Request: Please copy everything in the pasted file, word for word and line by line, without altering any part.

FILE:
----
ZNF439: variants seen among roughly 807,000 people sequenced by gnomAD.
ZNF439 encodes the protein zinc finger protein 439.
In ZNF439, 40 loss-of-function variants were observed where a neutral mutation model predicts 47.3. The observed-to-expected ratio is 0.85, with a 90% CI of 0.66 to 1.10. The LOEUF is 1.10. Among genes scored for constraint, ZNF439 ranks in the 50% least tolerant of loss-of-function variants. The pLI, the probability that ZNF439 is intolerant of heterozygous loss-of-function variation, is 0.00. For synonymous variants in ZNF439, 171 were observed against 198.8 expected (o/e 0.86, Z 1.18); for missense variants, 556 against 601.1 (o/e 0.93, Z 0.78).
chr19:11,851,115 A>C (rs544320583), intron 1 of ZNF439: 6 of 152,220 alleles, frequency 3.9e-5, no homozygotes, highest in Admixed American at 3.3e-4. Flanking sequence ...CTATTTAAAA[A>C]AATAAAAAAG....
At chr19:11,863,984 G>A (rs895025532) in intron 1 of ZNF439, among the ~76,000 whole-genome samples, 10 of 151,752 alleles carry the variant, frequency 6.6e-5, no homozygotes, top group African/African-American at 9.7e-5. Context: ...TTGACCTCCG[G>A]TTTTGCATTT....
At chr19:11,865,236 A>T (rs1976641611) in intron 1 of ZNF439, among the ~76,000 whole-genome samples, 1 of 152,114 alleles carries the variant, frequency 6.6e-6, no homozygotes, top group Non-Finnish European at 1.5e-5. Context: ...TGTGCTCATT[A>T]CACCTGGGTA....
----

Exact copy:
ZNF439: variants seen among roughly 807,000 people sequenced by gnomAD.
ZNF439 encodes the protein zinc finger protein 439.
In ZNF439, 40 loss-of-function variants were observed where a neutral mutation model predicts 47.3. The observed-to-expected ratio is 0.85, with a 90% CI of 0.66 to 1.10. The LOEUF is 1.10. Among genes scored for constraint, ZNF439 ranks in the 50% least tolerant of loss-of-function variants. The pLI, the probability that ZNF439 is intolerant of heterozygous loss-of-function variation, is 0.00. For synonymous variants in ZNF439, 171 were observed against 198.8 expected (o/e 0.86, Z 1.18); for missense variants, 556 against 601.1 (o/e 0.93, Z 0.78).
chr19:11,851,115 A>C (rs544320583), intron 1 of ZNF439: 6 of 152,220 alleles, frequency 3.9e-5, no homozygotes, highest in Admixed American at 3.3e-4. Flanking sequence ...CTATTTAAAA[A>C]AATAAAAAAG....
At chr19:11,863,984 G>A (rs895025532) in intron 1 of ZNF439, among the ~76,000 whole-genome samples, 10 of 151,752 alleles carry the variant, frequency 6.6e-5, no homozygotes, top group African/African-American at 9.7e-5. Context: ...TTGACCTCCG[G>A]TTTTGCATTT....
At chr19:11,865,236 A>T (rs1976641611) in intron 1 of ZNF439, among the ~76,000 whole-genome samples, 1 of 152,114 alleles carries the variant, frequency 6.6e-6, no homozygotes, top group Non-Finnish European at 1.5e-5. Context: ...TGTGCTCATT[A>T]CACCTGGGTA....